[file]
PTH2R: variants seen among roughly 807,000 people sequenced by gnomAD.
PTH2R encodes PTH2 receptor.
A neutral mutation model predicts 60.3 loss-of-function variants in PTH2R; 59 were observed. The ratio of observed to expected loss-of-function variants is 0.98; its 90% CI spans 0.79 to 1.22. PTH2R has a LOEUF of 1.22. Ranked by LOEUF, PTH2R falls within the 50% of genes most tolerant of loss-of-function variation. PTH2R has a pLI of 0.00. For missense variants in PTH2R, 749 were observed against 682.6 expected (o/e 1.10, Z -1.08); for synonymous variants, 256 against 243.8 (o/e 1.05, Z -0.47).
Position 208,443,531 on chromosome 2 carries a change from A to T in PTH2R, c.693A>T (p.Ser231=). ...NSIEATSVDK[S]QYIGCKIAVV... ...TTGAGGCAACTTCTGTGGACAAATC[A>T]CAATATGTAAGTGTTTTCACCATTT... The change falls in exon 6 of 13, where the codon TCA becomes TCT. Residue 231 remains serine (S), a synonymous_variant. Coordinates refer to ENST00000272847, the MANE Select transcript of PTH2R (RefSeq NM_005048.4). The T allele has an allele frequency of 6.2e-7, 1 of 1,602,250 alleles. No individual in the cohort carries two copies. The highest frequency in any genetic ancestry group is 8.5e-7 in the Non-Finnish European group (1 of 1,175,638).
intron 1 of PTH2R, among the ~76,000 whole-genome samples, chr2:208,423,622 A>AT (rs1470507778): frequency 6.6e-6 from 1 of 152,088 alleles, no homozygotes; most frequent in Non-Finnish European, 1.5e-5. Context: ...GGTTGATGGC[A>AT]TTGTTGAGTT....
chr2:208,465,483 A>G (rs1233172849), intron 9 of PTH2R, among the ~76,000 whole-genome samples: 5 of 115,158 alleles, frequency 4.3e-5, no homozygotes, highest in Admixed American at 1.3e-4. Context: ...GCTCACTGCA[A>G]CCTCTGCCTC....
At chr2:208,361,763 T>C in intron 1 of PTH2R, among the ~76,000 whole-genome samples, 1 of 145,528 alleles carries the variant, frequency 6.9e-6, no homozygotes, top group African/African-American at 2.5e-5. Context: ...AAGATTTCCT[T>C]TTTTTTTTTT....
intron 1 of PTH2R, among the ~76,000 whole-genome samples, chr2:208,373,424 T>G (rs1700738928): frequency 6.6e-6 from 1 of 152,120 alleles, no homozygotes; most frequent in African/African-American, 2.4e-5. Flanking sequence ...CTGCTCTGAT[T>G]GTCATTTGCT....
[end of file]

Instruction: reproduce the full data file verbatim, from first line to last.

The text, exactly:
PTH2R: variants seen among roughly 807,000 people sequenced by gnomAD.
PTH2R encodes PTH2 receptor.
A neutral mutation model predicts 60.3 loss-of-function variants in PTH2R; 59 were observed. The ratio of observed to expected loss-of-function variants is 0.98; its 90% CI spans 0.79 to 1.22. PTH2R has a LOEUF of 1.22. Ranked by LOEUF, PTH2R falls within the 50% of genes most tolerant of loss-of-function variation. PTH2R has a pLI of 0.00. For missense variants in PTH2R, 749 were observed against 682.6 expected (o/e 1.10, Z -1.08); for synonymous variants, 256 against 243.8 (o/e 1.05, Z -0.47).
Position 208,443,531 on chromosome 2 carries a change from A to T in PTH2R, c.693A>T (p.Ser231=). ...NSIEATSVDK[S]QYIGCKIAVV... ...TTGAGGCAACTTCTGTGGACAAATC[A>T]CAATATGTAAGTGTTTTCACCATTT... The change falls in exon 6 of 13, where the codon TCA becomes TCT. Residue 231 remains serine (S), a synonymous_variant. Coordinates refer to ENST00000272847, the MANE Select transcript of PTH2R (RefSeq NM_005048.4). The T allele has an allele frequency of 6.2e-7, 1 of 1,602,250 alleles. No individual in the cohort carries two copies. The highest frequency in any genetic ancestry group is 8.5e-7 in the Non-Finnish European group (1 of 1,175,638).
intron 1 of PTH2R, among the ~76,000 whole-genome samples, chr2:208,423,622 A>AT (rs1470507778): frequency 6.6e-6 from 1 of 152,088 alleles, no homozygotes; most frequent in Non-Finnish European, 1.5e-5. Context: ...GGTTGATGGC[A>AT]TTGTTGAGTT....
chr2:208,465,483 A>G (rs1233172849), intron 9 of PTH2R, among the ~76,000 whole-genome samples: 5 of 115,158 alleles, frequency 4.3e-5, no homozygotes, highest in Admixed American at 1.3e-4. Context: ...GCTCACTGCA[A>G]CCTCTGCCTC....
At chr2:208,361,763 T>C in intron 1 of PTH2R, among the ~76,000 whole-genome samples, 1 of 145,528 alleles carries the variant, frequency 6.9e-6, no homozygotes, top group African/African-American at 2.5e-5. Context: ...AAGATTTCCT[T>C]TTTTTTTTTT....
intron 1 of PTH2R, among the ~76,000 whole-genome samples, chr2:208,373,424 T>G (rs1700738928): frequency 6.6e-6 from 1 of 152,120 alleles, no homozygotes; most frequent in African/African-American, 2.4e-5. Flanking sequence ...CTGCTCTGAT[T>G]GTCATTTGCT....